It is an understatement to say that Sonoma County has a rich history. The diversity of its landscape and the people who live on it makes it unique. None of the other 57 counties in California can tell more interesting stories than Sonoma County's accounts of the last 200 years.

These stories of the past are well represented by many organizations founded for exactly that purpose — preserving and maintaining that precious history. Heading the list is the Sonoma County Historical Society, a group founded in the 1950s that began preserving artifacts of the past in a tiny museum on Summerfield Road shared with glass-cased dioramas of Hugh Codding's big game trophies.

Because each town and community in the county is different from the other, there are, in addition to the county society, which was the founding body for the Sonoma County Museum and the impetus to move the Old Post Office, many smaller societies working to keep the past alive in Sonoma, Petaluma, Healdsburg, Cloverdale, Windsor, Glen Ellen, Monte Rio, West County, Cotati, Bodega Bay and West Marin's Tomales (which includes Valley Ford). I'm sure to have missed some.

And near the geographic center of this interesting county is Santa Rosa, with a population nearing 170,000, which, as the official seat of government, considers itself the capital city of this domain.

Such an air of importance makes it hard to understand why it is the only city in the county that does not have a historical group of its own. At least, not up until now.


THERE IS every reason to believe that, after 158 years of existence, 144 of them as an official chartered city, Santa Rosa has finally been "discovered" by the history community.

This issue was raised last spring when Santa Rosa's relatively new city manager started asking around about a group that might take on the planning of the city's sesquicentennial, which will come up in 2018.

In the city Kathy Millison last managed, the centennial planning had been done by the historical society. But Santa Rosa, she discovered, had no such thing.

She mentioned it to people who talked to other people. And a buzz began. Nowadays, one might say it went viral, since word of mouth is the original social media.

As a result some three dozen interested citizens met early this month to talk about the prospects for such an organization. Not a city committee, they were quick to point out, but a freestanding, proper historical society — just like the ones in all the other towns around.

They were high school history teachers, retired college professors, architects, archeologists, writers, members of "old families," and representatives of some of the special interest history organizations that are active in the city, like Luther Burbank House & Gardens, Friends (and relations) of the Carrillo Adobe, the Cemetarians and, most assuredly, the Sonoma County Historical Society, with its 550-plus members, many of whom live in Santa Rosa.

So where does it go from there? There was a committee appointed to talk about by-laws and the steps necessary for nonprofit status. And there will be more meetings. The word will get around.

There are important things to talk about. The Carrillo Adobe, where Santa Rosa began, is crumbling away despite the best volunteer efforts on the part of the FCA to maintain what they don't own and can't truly protect.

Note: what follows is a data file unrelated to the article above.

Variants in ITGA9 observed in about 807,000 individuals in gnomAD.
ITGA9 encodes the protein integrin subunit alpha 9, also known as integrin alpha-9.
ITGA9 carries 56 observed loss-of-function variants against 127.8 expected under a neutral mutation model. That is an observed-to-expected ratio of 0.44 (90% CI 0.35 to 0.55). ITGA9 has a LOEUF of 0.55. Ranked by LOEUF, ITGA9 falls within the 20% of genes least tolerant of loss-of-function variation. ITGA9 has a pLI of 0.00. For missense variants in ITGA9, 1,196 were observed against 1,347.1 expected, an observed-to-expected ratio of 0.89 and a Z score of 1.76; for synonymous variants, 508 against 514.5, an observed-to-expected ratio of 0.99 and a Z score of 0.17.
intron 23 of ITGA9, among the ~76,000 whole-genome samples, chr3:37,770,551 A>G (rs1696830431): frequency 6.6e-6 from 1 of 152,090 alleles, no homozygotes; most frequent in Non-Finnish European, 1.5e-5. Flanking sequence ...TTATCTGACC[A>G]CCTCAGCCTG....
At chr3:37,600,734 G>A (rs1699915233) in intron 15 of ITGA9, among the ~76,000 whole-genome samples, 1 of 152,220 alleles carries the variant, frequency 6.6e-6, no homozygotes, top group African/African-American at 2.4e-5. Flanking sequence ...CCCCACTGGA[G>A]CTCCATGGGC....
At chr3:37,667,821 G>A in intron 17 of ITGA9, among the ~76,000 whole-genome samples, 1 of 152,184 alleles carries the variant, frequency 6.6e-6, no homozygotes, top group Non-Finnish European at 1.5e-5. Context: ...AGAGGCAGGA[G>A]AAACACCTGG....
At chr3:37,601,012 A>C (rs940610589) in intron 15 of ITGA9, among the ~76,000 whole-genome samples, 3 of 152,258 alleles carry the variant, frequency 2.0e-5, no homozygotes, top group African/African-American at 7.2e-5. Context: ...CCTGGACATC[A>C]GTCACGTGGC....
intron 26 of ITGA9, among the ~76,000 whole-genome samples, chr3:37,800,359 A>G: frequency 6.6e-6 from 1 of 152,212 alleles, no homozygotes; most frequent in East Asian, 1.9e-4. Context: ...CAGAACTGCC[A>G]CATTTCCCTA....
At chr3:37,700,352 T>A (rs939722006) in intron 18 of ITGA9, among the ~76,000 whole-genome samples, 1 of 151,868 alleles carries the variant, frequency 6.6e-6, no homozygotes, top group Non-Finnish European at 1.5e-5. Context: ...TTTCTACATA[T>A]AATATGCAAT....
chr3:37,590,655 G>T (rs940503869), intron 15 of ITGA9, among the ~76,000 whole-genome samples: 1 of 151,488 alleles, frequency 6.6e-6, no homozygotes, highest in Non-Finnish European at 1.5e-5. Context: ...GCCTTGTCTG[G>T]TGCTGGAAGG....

The city archives are not readily accessible to all. Plans to bring the Hoag House, once the oldest wood frame dwelling in the downtown area, back from its exile near Spring Lake Park have faltered. Then there's the question of Old Courthouse Square. And, if Measure Q passes, mini-histories of those seven districts — come to think of it, not a bad project even if Q doesn't pass.

And, hanging out there waiting to be addressed is the matter of the sesquicentennial. A little more than five years to plan a blockbuster of a birthday party.

By California standards, 150 years is not to be taken lightly. Santa Rosa was an economic and political force in its formative years. You'd be surprised at how important it was in the days when Northern California dominated.


IT'S A WORTHY beginning. It would seem that this new organization has potential to introduce many Santa Rosans to a town they have yet to meet, a town with a past that may surprise them at times.

There are undoubtedly lessons to be learned. How did Santa Rosa of 2012 get this way? How did it become the county seat? Has it always been the biggest town?

As retired Sonoma State professor Dan Markwyn likes to remind us: "History is not only to describe, but to explain."

This is the charge.

So I predict that this dedicated band of three dozen will be 100 or more by this time next year — or my name isn't Nostradamus.


ACTUALLY, when we start talking about 100s, my name is Mud.

Last month I wrote about Mead Clark Lumber Company's 100th anniversary. And I thought it would be nice to name the other businesses that could claim 100 years in Santa Rosa.

Alas, I waded into a journalistic morass and, apparently, I'm still sinking. Every week brings notification of a business I missed. This week it's Stevenson Equipment Company, family-owned since 1908. Last week it was King's Nursery, family-owned since 1896. Next week ... I don't want to think about it.

Obviously, I ignored one of the basic laws of journalism: Avoid using terms like "largest," "first-ever" and "only." To these I would now add "oldest." And close the book on this chapter.